During a presentation by Southern California Edison’s Dan Brady at Tuesday’s Mono County Board of Supervisors meeting it became clear why the allowance of overhead lines would be a good incentive to dangle in front of last mile providers connecting the Digital 395 backbone to customers in the near future.
“We’re not undergrounding because of the cost,” Brady said of SCE’s proposal to install a new fiber optic telecommunications line between the Rush Creek Powerhouse and the Lee Vining Substation. SCE would use existing poles to run the lines, if the project were approved.
To run the lines underground would increase the project’s cost tenfold, making a $700,000 project more like a $7 million project, according to Brady, an increase that would ultimately be placed on the backs of ratepayers.
“We’re trying to be responsible,” he said.
Brady was making his presentation to the Board in an effort to obtain from it a letter of opinion regarding the project.
“We need a letter from the Board, good, bad, or indifferent to apply for a CPUC deviation for the project,” Brady explained. The deviation is required because SCE would be installing lines overhead near a scenic byway.
The California Public Utilities Commission (CPUC) regulates SCE and will be the entity to approve or deny whether or not the project will be allowed to install overhead lines within 5.85 miles that run 1,000 feet from the designated scenic highway of U.S. 395. The entire length of the project is 15 miles.
Ultimately the CPUC will say yay or nay to the project, but the letter from the Board of Supervisors is a requirement. However, many of the Board members were not in favor of the overhead lines, especially since Mono County’s General Plan specifically states that measures should be taken to protect the County’s view sheds. This policy is currently being reinforced during discussions of last-mile providers connecting D395 to homes.
Currently the Board, under the direction of D395 Project Manager Nate Greenberg, is developing an additional set of policies for last mile providers, the companies that will have to do the work of connecting the D395 backbone (what Praxis is currently laying in the ground) to the end user. Throughout the recent discussions, supervisors such as Larry Johnston have been adamant that these last-mile providers should be required to lay cable underground unless they can justify why they would need to do otherwise.
Greenberg, however, has mentioned that due to cost, the allowance of overhead lines should be part of the big picture, something to potentially offer last-mile providers to get them to connect to remote areas in the county that may not deliver a high return on investment.
The SCE project and the D395 policies overlapped at Tuesday’s meeting.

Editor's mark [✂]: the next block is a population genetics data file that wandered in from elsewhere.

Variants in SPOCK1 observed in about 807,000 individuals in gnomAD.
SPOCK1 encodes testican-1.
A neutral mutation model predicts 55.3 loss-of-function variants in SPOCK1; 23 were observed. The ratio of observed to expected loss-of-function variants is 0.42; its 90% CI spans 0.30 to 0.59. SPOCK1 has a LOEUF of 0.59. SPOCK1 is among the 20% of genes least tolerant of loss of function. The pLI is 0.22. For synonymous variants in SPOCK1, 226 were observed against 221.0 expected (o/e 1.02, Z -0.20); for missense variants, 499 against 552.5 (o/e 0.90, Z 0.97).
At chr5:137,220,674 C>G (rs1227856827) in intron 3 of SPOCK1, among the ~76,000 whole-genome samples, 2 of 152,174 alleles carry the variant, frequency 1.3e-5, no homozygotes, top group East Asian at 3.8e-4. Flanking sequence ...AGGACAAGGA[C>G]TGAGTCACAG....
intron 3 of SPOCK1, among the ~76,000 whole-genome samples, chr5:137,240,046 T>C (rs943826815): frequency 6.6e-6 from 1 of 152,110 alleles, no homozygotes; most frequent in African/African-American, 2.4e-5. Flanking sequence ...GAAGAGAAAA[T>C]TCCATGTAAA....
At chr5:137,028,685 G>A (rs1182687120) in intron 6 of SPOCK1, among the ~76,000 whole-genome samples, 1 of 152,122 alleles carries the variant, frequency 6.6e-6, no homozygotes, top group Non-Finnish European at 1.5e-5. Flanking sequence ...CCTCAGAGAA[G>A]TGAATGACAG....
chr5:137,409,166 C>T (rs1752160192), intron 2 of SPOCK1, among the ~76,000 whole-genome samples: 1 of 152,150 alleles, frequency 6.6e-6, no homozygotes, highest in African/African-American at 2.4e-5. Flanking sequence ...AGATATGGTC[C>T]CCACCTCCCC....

“You need to explore underground options,” said Supervisor Hap Hazard to Brady. “SCE has to be held to the same standards as everyone else.”
The Board suggested that SCE should work with Praxis, the California Broadband Cooperative (CBC) and County staff prior to settling on an agreement for the project.
“That 10-1 number gets blown out of the water if you’re working with Praxis,” Hazard said. “You don’t have to dig the ditch.”
Hazard also suggested that SCE’s project wouldn’t need to be underground the entire 15 miles, but just in those 5.85 near the scenic byway.
Brady was happy to discuss the project further, but pointed out that it was not SCE’s preference to use someone else’s fiber line due to the importance of the project. Not owning the pole may make it more difficult to access the pole when needed.
According to the staff report, “SCE operates several hydroelectric generating facilities in the Eastern Sierra that provide clean electricity to our customers in Mono County.” While much of its facilities and equipment have been updated, some areas still need upgrades. The project in question would install a new fiber optic telecommunications line to create a reliable, automated communication infrastructure for dam surveillance and an early warning system in case of dam failure. The project would also increase the reliability of the telecommunications system necessary to control and monitor the Rush Creek Dam.
Randy Schultz SCE Project Manager, added that Brady was being polite and that truly, “we try not to do it [use someone else’s line] at all. We are opposed to going with a third party.”
SCE owns the poles it would use for this project, which is one major difference between it and last-mile providers, Greenberg told The Sheet on Wednesday. D395 last-mile providers would have to use someone else’s poles.
Greenberg also pointed out that “leveraging Digital 395 by leasing fiber or [pole] space would save them [SCE] money.” He thinks that SCE should be looking for the cheapest alternative in order to truly support its argument of responsibility to the ratepayer.
Schultz argued that stringing a line overhead was better because it is easily reached and repaired when needed.
Supervisor Johnston, however, shot him down.
“I don’t believe that stringing a line overhead is better than underground because of the wind and ice we get here,” Johnston said. He also argued that in a heavy snowstorm an overhead line would be just as difficult to reach.
“Overhead is less reliable and visually unappealing,” Johnston said.
Supervisor Vikki Bauer, however, felt that the view shed problem was not as big a deal as the safety problem that could occur if the project were not installed.
SCE will wait to apply for its deviation from the CPUC until it has met with County staff and Praxis.